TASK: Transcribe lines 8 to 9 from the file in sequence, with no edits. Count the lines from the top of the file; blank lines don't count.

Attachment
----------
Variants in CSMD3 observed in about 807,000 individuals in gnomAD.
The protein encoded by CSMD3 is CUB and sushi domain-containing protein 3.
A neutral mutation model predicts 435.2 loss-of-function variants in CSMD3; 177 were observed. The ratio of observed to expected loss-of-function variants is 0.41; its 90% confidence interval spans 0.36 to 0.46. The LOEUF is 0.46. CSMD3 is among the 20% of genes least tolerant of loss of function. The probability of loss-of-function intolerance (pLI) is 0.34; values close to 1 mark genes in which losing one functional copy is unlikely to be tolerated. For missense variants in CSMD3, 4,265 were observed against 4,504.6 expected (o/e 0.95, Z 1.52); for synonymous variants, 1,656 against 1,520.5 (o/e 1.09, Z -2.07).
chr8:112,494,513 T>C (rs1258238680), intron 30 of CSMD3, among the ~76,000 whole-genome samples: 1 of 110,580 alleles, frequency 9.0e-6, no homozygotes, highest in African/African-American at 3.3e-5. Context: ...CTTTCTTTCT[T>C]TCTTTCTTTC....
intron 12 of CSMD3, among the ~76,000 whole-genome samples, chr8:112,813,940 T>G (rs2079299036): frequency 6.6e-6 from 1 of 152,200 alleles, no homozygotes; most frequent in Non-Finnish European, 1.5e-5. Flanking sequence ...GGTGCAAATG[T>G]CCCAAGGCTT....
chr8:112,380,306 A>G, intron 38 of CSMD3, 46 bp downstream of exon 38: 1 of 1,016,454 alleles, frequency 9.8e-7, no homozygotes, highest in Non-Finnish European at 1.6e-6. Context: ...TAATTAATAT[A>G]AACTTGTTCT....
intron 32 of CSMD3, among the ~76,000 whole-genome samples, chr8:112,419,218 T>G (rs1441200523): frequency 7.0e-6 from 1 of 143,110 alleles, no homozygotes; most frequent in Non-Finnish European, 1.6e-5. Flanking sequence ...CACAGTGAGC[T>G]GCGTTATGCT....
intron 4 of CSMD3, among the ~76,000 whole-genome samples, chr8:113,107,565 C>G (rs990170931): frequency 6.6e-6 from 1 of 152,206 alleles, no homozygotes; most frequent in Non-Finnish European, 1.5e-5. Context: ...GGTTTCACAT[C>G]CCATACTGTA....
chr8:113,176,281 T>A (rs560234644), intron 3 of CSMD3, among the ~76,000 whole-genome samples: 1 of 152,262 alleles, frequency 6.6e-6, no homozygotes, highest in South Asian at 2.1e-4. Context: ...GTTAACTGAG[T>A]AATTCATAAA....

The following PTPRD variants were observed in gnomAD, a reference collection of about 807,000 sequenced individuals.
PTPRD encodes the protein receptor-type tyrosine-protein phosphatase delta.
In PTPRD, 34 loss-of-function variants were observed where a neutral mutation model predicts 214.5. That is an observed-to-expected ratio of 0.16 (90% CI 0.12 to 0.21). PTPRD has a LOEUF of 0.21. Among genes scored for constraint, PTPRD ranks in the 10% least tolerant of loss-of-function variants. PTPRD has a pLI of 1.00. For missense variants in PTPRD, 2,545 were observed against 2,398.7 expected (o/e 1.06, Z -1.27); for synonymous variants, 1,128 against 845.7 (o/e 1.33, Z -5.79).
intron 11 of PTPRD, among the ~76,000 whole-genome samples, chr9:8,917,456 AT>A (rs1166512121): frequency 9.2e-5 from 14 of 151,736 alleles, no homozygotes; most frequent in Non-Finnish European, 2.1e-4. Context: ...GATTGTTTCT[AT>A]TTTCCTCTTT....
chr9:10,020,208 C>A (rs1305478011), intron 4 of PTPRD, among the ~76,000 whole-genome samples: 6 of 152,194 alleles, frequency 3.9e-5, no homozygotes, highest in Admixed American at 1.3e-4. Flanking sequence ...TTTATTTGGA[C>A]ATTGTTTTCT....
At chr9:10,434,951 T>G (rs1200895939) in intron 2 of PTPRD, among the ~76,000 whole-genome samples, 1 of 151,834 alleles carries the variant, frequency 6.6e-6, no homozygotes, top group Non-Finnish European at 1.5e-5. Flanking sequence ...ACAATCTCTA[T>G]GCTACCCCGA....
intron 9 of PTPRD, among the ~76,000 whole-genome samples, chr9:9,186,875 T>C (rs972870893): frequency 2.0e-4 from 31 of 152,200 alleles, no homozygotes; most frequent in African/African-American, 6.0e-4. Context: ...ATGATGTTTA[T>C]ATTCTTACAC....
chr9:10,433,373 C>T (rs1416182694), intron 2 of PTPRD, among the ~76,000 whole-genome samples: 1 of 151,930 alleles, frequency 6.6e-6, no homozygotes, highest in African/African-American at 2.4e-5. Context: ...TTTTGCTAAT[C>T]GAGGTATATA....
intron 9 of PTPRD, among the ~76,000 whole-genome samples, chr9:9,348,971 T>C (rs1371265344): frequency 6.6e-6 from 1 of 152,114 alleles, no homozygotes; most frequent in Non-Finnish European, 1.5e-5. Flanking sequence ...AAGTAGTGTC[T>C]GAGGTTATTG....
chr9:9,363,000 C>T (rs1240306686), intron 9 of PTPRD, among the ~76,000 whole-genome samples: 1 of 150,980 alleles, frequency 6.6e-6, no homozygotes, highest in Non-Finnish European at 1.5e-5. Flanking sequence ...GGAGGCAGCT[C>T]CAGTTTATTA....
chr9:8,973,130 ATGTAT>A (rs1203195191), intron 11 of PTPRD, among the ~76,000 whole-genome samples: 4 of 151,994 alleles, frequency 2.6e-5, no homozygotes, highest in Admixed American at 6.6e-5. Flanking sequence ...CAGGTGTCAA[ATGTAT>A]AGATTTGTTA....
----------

intron 4 of CSMD3, among the ~76,000 whole-genome samples, chr8:113,107,565 C>G (rs990170931): frequency 6.6e-6 from 1 of 152,206 alleles, no homozygotes; most frequent in Non-Finnish European, 1.5e-5. Context: ...GGTTTCACAT[C>G]CCATACTGTA....
chr8:113,176,281 T>A (rs560234644), intron 3 of CSMD3, among the ~76,000 whole-genome samples: 1 of 152,262 alleles, frequency 6.6e-6, no homozygotes, highest in South Asian at 2.1e-4. Context: ...GTTAACTGAG[T>A]AATTCATAAA....